For the first time, athletes may appear in the ads of nonofficial sponsors during the Olympic Games.
In a massive win for athletes hoping to score as many endorsement deals as possible, the International Olympic Committee decided to permit the involvement of nonofficial sponsors – as long as the ad does not include any references to the Games.
The athletes, however, are far from the only beneficiaries of the new rules. Countless brands that missed or declined the opportunity to gain official status now have the freedom to participate actively in the event.
They do not need to sit on the sidelines and brainstorm clever tweets to attract attention. Instead, the limitations on brands are minimal and only come down to language. They cannot use the words “Olympic” or “Olympiad,” or phrases such as “Gold,” “Games,” “Victory,” or “Rio de Janeiro” in order to imply a relation between the brand and the Games.
Regardless, this is a victory for advertisers everywhere. For 17 days, the biggest stars on the planet will be the very athletes putting everything they’ve got on the line to win, and no longer is their potential limited. The millions that the luckiest among them will make, however, will still pale in comparison to the brands themselves.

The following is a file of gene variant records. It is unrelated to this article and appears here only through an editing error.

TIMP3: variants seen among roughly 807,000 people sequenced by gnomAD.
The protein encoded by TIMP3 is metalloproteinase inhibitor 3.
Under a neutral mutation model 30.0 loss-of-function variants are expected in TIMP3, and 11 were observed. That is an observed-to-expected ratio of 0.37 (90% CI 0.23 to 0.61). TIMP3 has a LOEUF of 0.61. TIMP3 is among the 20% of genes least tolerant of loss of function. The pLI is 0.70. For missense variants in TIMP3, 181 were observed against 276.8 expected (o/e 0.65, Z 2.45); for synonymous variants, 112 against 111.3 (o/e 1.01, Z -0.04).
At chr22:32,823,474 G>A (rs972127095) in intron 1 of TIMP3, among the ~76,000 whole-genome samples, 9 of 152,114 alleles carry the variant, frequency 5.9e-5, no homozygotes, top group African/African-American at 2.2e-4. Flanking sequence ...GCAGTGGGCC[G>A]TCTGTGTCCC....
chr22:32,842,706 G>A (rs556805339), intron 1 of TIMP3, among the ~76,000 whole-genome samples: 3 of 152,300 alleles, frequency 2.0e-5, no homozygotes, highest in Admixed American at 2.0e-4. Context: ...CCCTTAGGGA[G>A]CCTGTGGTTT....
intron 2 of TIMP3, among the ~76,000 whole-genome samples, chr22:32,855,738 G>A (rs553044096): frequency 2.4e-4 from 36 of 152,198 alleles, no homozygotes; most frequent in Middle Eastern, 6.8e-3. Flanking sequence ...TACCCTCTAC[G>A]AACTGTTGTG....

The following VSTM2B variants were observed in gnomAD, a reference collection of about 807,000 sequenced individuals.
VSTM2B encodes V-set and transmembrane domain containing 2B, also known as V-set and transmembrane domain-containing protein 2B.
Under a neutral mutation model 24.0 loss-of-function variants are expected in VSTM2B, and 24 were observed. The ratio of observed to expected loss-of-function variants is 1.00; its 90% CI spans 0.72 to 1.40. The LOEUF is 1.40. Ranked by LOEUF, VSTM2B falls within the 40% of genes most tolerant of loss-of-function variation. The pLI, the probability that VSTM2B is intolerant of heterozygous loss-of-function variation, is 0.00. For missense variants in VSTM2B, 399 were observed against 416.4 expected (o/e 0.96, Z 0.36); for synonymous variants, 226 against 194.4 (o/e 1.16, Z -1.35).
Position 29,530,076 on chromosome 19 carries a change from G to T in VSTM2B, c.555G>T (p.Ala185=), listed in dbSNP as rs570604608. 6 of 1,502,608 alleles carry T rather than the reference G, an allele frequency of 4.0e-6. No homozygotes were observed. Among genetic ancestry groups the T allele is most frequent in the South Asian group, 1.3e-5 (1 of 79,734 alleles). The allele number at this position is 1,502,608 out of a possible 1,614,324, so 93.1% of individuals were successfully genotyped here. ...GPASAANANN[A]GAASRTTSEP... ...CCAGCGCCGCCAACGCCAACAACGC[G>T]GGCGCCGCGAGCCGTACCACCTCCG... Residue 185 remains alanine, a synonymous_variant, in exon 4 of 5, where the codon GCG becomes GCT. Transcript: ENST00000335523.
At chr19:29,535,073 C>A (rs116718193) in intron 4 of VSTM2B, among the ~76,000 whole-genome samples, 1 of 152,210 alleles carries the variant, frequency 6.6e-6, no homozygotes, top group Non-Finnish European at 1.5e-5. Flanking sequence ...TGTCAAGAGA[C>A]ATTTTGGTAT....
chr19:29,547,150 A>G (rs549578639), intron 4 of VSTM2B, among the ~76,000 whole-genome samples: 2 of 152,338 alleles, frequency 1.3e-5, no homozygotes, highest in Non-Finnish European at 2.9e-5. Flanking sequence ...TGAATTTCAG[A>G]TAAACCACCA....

The official sponsors of the Games are no longer safe from the threat of their competitors. Under Armour, whose fiercest competitor Nike is among the official sponsors, now plans to run its recently launched global campaign through the Games in August. Their campaign highlights the US women’s gymnastics team, which consistently ranks among the most popular aspects of the Olympics.
Though the new rule is a major blow for the official sponsors, it is a few years in the making. During the 2012 Olympics, a number of athletes demanded the freedom to promote brands they already represent.
As the advertising world continues to advance at a record pace, the potential for all brands to promote successful campaigns is limitless. Their future is in their own hands, and the gold medal is free for the taking.
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